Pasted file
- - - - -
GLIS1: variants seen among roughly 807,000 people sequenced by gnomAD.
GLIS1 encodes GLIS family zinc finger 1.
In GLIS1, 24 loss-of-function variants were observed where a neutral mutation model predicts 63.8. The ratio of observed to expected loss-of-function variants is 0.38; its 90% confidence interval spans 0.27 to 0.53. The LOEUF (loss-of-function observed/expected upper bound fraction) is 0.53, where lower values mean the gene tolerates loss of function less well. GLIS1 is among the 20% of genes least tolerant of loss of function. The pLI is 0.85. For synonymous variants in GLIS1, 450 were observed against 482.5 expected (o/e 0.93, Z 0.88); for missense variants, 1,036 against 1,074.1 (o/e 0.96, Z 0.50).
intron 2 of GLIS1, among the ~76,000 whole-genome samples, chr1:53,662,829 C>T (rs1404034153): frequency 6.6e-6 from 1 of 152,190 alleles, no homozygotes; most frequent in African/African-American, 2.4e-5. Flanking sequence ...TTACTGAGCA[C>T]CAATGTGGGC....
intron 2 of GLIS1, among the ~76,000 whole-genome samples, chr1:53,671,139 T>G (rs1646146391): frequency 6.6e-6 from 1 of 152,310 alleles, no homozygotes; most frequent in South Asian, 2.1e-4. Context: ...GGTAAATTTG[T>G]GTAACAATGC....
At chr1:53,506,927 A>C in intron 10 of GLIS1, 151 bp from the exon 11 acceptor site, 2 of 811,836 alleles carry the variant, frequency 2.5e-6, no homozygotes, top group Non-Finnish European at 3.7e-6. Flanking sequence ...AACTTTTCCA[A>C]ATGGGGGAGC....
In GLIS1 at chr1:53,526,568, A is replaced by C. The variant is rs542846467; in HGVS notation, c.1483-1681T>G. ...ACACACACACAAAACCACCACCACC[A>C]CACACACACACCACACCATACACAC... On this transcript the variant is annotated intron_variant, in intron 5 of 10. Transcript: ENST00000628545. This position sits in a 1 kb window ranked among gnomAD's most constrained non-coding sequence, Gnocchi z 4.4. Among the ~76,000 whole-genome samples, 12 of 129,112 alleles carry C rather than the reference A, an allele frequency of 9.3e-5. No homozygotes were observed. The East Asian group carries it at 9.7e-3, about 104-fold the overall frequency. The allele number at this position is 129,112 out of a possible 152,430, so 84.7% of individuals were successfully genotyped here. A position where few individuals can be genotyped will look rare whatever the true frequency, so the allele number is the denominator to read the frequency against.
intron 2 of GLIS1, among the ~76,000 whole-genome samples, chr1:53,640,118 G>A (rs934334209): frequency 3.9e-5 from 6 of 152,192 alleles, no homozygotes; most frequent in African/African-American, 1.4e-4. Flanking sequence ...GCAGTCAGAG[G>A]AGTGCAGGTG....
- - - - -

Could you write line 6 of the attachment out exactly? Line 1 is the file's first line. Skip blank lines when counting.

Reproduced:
At chr1:53,506,927 A>C in intron 10 of GLIS1, 151 bp from the exon 11 acceptor site, 2 of 811,836 alleles carry the variant, frequency 2.5e-6, no homozygotes, top group Non-Finnish European at 3.7e-6. Flanking sequence ...AACTTTTCCA[A>C]ATGGGGGAGC....